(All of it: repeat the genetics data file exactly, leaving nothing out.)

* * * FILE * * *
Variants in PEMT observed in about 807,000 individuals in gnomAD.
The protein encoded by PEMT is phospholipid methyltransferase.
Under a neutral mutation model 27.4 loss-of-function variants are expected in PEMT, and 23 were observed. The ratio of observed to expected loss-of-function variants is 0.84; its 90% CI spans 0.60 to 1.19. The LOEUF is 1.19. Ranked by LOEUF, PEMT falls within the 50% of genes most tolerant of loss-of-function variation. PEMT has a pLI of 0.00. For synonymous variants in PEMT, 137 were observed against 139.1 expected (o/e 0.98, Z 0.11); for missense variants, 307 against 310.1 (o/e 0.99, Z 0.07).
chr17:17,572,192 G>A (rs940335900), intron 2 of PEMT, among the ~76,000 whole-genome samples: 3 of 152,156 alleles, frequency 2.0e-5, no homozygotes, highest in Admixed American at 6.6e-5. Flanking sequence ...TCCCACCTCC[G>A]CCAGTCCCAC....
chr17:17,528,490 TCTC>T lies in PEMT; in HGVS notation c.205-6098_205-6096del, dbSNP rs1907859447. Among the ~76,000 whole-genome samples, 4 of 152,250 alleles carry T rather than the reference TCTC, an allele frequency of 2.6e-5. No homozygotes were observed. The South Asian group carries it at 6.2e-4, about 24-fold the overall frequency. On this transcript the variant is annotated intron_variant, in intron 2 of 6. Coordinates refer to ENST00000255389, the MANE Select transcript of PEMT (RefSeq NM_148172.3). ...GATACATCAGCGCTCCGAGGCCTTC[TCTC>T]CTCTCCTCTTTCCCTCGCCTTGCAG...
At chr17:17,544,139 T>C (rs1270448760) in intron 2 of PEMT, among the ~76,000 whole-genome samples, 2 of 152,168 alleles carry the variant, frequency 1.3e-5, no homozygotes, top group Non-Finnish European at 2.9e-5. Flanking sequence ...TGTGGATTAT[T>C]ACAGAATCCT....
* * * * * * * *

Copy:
Variants in PEMT observed in about 807,000 individuals in gnomAD.
The protein encoded by PEMT is phospholipid methyltransferase.
Under a neutral mutation model 27.4 loss-of-function variants are expected in PEMT, and 23 were observed. The ratio of observed to expected loss-of-function variants is 0.84; its 90% CI spans 0.60 to 1.19. The LOEUF is 1.19. Ranked by LOEUF, PEMT falls within the 50% of genes most tolerant of loss-of-function variation. PEMT has a pLI of 0.00. For synonymous variants in PEMT, 137 were observed against 139.1 expected (o/e 0.98, Z 0.11); for missense variants, 307 against 310.1 (o/e 0.99, Z 0.07).
chr17:17,572,192 G>A (rs940335900), intron 2 of PEMT, among the ~76,000 whole-genome samples: 3 of 152,156 alleles, frequency 2.0e-5, no homozygotes, highest in Admixed American at 6.6e-5. Flanking sequence ...TCCCACCTCC[G>A]CCAGTCCCAC....
chr17:17,528,490 TCTC>T lies in PEMT; in HGVS notation c.205-6098_205-6096del, dbSNP rs1907859447. Among the ~76,000 whole-genome samples, 4 of 152,250 alleles carry T rather than the reference TCTC, an allele frequency of 2.6e-5. No homozygotes were observed. The South Asian group carries it at 6.2e-4, about 24-fold the overall frequency. On this transcript the variant is annotated intron_variant, in intron 2 of 6. Coordinates refer to ENST00000255389, the MANE Select transcript of PEMT (RefSeq NM_148172.3). ...GATACATCAGCGCTCCGAGGCCTTC[TCTC>T]CTCTCCTCTTTCCCTCGCCTTGCAG...
At chr17:17,544,139 T>C (rs1270448760) in intron 2 of PEMT, among the ~76,000 whole-genome samples, 2 of 152,168 alleles carry the variant, frequency 1.3e-5, no homozygotes, top group Non-Finnish European at 2.9e-5. Flanking sequence ...TGTGGATTAT[T>C]ACAGAATCCT....